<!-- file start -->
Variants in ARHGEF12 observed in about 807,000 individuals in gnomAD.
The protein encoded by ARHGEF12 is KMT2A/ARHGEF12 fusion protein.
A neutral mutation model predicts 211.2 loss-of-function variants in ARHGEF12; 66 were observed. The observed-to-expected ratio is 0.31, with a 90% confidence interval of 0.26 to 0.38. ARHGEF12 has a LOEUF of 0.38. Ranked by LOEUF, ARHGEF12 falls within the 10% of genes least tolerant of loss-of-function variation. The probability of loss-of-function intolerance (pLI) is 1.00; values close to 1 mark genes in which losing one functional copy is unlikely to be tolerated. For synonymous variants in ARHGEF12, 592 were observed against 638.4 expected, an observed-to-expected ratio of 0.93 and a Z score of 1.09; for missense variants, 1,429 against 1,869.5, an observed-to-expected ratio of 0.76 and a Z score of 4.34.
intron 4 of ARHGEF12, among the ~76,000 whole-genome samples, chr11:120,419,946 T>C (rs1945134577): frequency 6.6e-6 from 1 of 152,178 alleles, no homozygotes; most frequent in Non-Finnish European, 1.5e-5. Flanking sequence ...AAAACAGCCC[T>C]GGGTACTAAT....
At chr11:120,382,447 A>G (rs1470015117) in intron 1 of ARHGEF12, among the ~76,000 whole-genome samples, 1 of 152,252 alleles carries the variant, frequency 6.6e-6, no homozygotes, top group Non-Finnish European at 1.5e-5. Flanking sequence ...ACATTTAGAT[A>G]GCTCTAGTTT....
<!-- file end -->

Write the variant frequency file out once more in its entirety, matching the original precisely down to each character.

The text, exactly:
Variants in ARHGEF12 observed in about 807,000 individuals in gnomAD.
The protein encoded by ARHGEF12 is KMT2A/ARHGEF12 fusion protein.
A neutral mutation model predicts 211.2 loss-of-function variants in ARHGEF12; 66 were observed. The observed-to-expected ratio is 0.31, with a 90% confidence interval of 0.26 to 0.38. ARHGEF12 has a LOEUF of 0.38. Ranked by LOEUF, ARHGEF12 falls within the 10% of genes least tolerant of loss-of-function variation. The probability of loss-of-function intolerance (pLI) is 1.00; values close to 1 mark genes in which losing one functional copy is unlikely to be tolerated. For synonymous variants in ARHGEF12, 592 were observed against 638.4 expected, an observed-to-expected ratio of 0.93 and a Z score of 1.09; for missense variants, 1,429 against 1,869.5, an observed-to-expected ratio of 0.76 and a Z score of 4.34.
intron 4 of ARHGEF12, among the ~76,000 whole-genome samples, chr11:120,419,946 T>C (rs1945134577): frequency 6.6e-6 from 1 of 152,178 alleles, no homozygotes; most frequent in Non-Finnish European, 1.5e-5. Flanking sequence ...AAAACAGCCC[T>C]GGGTACTAAT....
At chr11:120,382,447 A>G (rs1470015117) in intron 1 of ARHGEF12, among the ~76,000 whole-genome samples, 1 of 152,252 alleles carries the variant, frequency 6.6e-6, no homozygotes, top group Non-Finnish European at 1.5e-5. Flanking sequence ...ACATTTAGAT[A>G]GCTCTAGTTT....